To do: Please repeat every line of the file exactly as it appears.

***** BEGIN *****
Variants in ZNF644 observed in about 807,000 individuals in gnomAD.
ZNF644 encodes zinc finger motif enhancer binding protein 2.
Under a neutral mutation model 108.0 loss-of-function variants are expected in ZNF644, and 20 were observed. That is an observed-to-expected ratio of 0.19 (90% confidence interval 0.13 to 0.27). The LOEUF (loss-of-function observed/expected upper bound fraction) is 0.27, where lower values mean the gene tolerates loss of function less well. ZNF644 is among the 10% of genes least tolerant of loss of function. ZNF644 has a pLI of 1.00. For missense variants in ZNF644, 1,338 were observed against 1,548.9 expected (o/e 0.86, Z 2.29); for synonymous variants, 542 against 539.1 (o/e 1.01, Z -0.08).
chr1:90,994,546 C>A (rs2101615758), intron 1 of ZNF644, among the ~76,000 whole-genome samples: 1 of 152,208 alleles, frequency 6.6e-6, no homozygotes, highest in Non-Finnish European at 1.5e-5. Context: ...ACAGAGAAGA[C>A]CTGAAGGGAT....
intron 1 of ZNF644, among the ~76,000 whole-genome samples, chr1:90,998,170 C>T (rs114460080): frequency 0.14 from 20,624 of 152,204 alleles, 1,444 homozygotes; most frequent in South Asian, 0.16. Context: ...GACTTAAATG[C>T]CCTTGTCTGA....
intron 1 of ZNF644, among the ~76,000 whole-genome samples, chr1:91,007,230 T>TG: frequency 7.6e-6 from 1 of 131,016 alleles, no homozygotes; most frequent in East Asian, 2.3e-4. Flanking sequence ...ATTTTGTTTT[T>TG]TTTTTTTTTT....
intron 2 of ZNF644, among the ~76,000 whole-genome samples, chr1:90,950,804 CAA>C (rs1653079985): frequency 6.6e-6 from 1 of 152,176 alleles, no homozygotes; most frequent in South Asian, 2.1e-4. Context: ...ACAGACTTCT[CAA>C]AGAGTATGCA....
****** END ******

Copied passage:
Variants in ZNF644 observed in about 807,000 individuals in gnomAD.
ZNF644 encodes zinc finger motif enhancer binding protein 2.
Under a neutral mutation model 108.0 loss-of-function variants are expected in ZNF644, and 20 were observed. That is an observed-to-expected ratio of 0.19 (90% confidence interval 0.13 to 0.27). The LOEUF (loss-of-function observed/expected upper bound fraction) is 0.27, where lower values mean the gene tolerates loss of function less well. ZNF644 is among the 10% of genes least tolerant of loss of function. ZNF644 has a pLI of 1.00. For missense variants in ZNF644, 1,338 were observed against 1,548.9 expected (o/e 0.86, Z 2.29); for synonymous variants, 542 against 539.1 (o/e 1.01, Z -0.08).
chr1:90,994,546 C>A (rs2101615758), intron 1 of ZNF644, among the ~76,000 whole-genome samples: 1 of 152,208 alleles, frequency 6.6e-6, no homozygotes, highest in Non-Finnish European at 1.5e-5. Context: ...ACAGAGAAGA[C>A]CTGAAGGGAT....
intron 1 of ZNF644, among the ~76,000 whole-genome samples, chr1:90,998,170 C>T (rs114460080): frequency 0.14 from 20,624 of 152,204 alleles, 1,444 homozygotes; most frequent in South Asian, 0.16. Context: ...GACTTAAATG[C>T]CCTTGTCTGA....
intron 1 of ZNF644, among the ~76,000 whole-genome samples, chr1:91,007,230 T>TG: frequency 7.6e-6 from 1 of 131,016 alleles, no homozygotes; most frequent in East Asian, 2.3e-4. Flanking sequence ...ATTTTGTTTT[T>TG]TTTTTTTTTT....
intron 2 of ZNF644, among the ~76,000 whole-genome samples, chr1:90,950,804 CAA>C (rs1653079985): frequency 6.6e-6 from 1 of 152,176 alleles, no homozygotes; most frequent in South Asian, 2.1e-4. Context: ...ACAGACTTCT[CAA>C]AGAGTATGCA....